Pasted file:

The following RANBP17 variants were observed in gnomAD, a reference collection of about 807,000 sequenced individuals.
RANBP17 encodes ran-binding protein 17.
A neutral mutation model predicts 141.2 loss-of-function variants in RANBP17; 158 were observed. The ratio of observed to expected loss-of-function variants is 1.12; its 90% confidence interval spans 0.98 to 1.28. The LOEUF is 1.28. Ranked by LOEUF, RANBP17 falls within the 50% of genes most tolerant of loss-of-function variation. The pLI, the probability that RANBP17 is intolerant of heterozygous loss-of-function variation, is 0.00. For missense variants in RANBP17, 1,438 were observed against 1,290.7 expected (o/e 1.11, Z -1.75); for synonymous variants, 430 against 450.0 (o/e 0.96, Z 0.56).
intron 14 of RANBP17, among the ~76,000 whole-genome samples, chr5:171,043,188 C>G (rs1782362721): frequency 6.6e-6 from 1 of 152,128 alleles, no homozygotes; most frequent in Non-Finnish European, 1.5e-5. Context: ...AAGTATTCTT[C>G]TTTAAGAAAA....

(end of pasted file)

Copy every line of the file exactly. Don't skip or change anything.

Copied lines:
The following RANBP17 variants were observed in gnomAD, a reference collection of about 807,000 sequenced individuals.
RANBP17 encodes ran-binding protein 17.
A neutral mutation model predicts 141.2 loss-of-function variants in RANBP17; 158 were observed. The ratio of observed to expected loss-of-function variants is 1.12; its 90% confidence interval spans 0.98 to 1.28. The LOEUF is 1.28. Ranked by LOEUF, RANBP17 falls within the 50% of genes most tolerant of loss-of-function variation. The pLI, the probability that RANBP17 is intolerant of heterozygous loss-of-function variation, is 0.00. For missense variants in RANBP17, 1,438 were observed against 1,290.7 expected (o/e 1.11, Z -1.75); for synonymous variants, 430 against 450.0 (o/e 0.96, Z 0.56).
intron 14 of RANBP17, among the ~76,000 whole-genome samples, chr5:171,043,188 C>G (rs1782362721): frequency 6.6e-6 from 1 of 152,128 alleles, no homozygotes; most frequent in Non-Finnish European, 1.5e-5. Context: ...AAGTATTCTT[C>G]TTTAAGAAAA....